This week has become a tradition in the Dean house: it’s “January Reno Week”.  Over the past few years our good daddy has booked a week off in January to be Mr. Fixit.  He usually takes the time to catch up on the “Honey Do” list and to focus on one area of the house that needs some special attention.  This year it is some much needed repairs to our basement bathroom, specifically a leaky shower.  Big job.

It’s nice that some of the girls are now old enough that they can be quite involved in the project and as such we have modified their school schedules for this week.  So, as I write, one daughter is downstairs helping with and learning about plumbing, another is writing a letter to Grandma, and another is making cookies to bring to Awana on Wednesday night.  The little one is creating her daily painted masterpiece.  Peaceful. 

As I enjoy this relaxed learning time I have been reflecting on our goals for the year.  You see, every year in the Dean home we make learning goals.  I have noticed over the past few years a divergence between our long term goals (about things like virtue, compassion, and work ethic) and our yearly short term goals (about things like math and spelling and science).  So this year we decided on four subjects that we thought would best integrate the short term and long term goals…

This year all of our learning is focused on these four topics: love for God, love for family, love for others, and love for learning.  So while writing to Grandma will fulfill the need for writing, spelling and grammar lessons, it is most importantly a means of loving others.  While painting is a wonderful creative thing for a preschooler to do, it is primarily a manifestation of the beauty that they Creator has instilled in the heart of a child.  We learn to love God by all that is beautiful in this world.  Learning plumbing is very useful life skill but is above all a method of being able to love and care for our family.

So, while not all days have this relaxed pace, and while it’s not all roses, (We have had the chance to learn about reacting with grace when our beads spill all over the floor this morning!) we are enjoying the day to day method to this madness.  It reminds me of what I have been reading in Charlotte Mason’s books lately…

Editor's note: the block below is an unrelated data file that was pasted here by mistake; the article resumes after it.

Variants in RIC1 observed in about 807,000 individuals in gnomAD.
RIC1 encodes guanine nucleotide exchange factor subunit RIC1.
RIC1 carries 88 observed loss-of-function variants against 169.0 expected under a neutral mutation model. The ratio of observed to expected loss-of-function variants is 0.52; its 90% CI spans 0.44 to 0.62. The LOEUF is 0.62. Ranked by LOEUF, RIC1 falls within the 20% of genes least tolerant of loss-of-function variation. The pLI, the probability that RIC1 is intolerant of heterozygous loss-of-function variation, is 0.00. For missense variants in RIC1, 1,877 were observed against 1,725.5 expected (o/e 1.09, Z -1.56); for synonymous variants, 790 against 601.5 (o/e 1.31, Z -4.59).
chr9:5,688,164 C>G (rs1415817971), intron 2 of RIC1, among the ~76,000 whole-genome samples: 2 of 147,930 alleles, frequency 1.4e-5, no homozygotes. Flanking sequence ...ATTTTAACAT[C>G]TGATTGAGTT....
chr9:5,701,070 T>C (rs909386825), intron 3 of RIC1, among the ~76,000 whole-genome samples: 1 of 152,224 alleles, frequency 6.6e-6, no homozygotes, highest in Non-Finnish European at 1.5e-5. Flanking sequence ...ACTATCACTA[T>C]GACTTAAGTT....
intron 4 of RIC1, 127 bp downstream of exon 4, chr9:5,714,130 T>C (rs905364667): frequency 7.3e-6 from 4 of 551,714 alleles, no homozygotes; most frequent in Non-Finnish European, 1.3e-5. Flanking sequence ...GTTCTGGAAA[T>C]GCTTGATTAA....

“Method implies two things – a way to an end, and step-by-step progress in that way.  Further, the following of a method implies an idea, a mental image, of the end or object to be arrived at.  What do you propose that education shall effect in and for your child?  Again, method is natural; easy, yielding, unobtrusive, simple as the ways of Nature herself; yet, watchful, careful, all-pervading, all-compelling.  Method, with the end of education in view, presses the most unlikely matters into service to bring about that end; but with no more tiresome mechanism that the sun employs when it makes the winds to blow and the waters to flow only by shining.” (Home Education, p. 8)

Friends, what do you purpose that education shall effect in and for your child?  I hope that as you search out your purpose in education that you will find it as natural to learn together as a family as it is to enjoy the sun on your faces.  We continue to strive for this depth and this simplicity rolled into one.

Have a great week!


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New Stuff!

It’s been a while since my last post since we officially entered “conference season” at the end of March and I have had to spend more time in the “real world”.  I wanted to send you all a quick note though, before I head out to Ottawa for this weekend’s RVHEA conference, to let you know a bit of what is going on here Under the Maple Tree. 

For more than a decade, Maple Tree has been committed to bringing you spectacular homegrown Canadian homeschool resources.  In the past few years though as I have been out at conferences and enjoying many yummy chats with all of you we have often talked about wonderful books that weren’t on our publication list.  After a chat about one great resource or another the inevitable question was, “Can I get that from you?”  I was pleased to be able to point my friends to where they could seek out some of these yummy resources but have decided to stream line the process for you (and to work harder at paying for our own piano lessons rather than at padding some other retailer’s bottom line). 

So, in light of the fact that we love the principles of Charlotte Mason’s Philosophy of Education, we have expanded out product line and now carry many of the essentials of a Charlotte Mason education